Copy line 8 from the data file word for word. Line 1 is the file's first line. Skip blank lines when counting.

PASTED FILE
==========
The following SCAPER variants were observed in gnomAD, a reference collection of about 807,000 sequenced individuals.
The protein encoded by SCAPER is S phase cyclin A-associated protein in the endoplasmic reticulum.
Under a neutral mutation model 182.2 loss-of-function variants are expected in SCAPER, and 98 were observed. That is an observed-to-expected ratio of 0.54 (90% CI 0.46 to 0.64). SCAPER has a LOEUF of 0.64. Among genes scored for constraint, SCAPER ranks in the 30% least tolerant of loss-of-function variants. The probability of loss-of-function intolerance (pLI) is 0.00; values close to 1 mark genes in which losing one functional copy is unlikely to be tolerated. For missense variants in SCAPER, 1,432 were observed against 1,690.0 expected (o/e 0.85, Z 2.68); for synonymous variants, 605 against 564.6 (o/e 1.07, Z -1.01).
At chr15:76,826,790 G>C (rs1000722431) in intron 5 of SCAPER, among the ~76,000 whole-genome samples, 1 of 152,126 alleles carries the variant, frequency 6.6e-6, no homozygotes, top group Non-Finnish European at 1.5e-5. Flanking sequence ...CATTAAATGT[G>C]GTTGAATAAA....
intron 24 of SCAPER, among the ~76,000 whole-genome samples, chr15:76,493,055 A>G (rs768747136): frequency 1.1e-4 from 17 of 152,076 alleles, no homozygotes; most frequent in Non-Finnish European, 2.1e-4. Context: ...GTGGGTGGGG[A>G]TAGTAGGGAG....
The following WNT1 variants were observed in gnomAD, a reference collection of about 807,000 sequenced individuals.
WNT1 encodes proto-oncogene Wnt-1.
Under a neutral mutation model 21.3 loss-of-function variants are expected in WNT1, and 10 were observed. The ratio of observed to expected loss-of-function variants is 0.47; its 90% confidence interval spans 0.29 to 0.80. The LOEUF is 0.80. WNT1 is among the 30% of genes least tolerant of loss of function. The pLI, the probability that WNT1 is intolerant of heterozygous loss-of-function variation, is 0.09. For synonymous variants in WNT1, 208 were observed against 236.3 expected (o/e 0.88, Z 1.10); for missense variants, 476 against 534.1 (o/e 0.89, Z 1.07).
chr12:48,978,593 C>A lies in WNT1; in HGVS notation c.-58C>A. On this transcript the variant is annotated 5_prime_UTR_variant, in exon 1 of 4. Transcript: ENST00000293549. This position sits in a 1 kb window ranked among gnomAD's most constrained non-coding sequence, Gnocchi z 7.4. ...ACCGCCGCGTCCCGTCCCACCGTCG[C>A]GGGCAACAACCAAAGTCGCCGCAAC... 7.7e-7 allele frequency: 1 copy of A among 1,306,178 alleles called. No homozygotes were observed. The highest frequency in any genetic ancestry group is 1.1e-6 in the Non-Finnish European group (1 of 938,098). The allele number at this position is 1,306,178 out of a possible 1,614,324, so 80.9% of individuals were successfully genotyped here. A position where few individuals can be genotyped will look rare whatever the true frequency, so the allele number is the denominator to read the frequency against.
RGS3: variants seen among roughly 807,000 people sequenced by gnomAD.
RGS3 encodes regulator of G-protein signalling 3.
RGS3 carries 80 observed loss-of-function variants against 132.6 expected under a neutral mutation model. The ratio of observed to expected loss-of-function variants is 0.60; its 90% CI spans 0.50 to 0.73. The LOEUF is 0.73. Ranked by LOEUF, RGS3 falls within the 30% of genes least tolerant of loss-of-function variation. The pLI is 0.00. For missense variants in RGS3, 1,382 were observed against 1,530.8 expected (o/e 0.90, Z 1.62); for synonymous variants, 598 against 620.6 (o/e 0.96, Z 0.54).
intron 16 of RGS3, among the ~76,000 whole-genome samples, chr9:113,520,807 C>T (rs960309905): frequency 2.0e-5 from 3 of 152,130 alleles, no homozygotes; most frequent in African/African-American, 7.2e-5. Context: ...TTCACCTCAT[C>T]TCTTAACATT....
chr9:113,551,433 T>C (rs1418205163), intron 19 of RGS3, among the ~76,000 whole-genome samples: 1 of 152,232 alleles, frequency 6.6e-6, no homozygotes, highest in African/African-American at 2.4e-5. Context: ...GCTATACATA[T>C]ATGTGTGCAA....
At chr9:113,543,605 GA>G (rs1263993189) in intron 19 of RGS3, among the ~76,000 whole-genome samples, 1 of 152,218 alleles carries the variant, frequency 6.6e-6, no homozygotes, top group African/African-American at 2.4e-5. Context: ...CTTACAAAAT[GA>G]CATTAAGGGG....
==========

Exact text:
Under a neutral mutation model 21.3 loss-of-function variants are expected in WNT1, and 10 were observed. The ratio of observed to expected loss-of-function variants is 0.47; its 90% confidence interval spans 0.29 to 0.80. The LOEUF is 0.80. WNT1 is among the 30% of genes least tolerant of loss of function. The pLI, the probability that WNT1 is intolerant of heterozygous loss-of-function variation, is 0.09. For synonymous variants in WNT1, 208 were observed against 236.3 expected (o/e 0.88, Z 1.10); for missense variants, 476 against 534.1 (o/e 0.89, Z 1.07).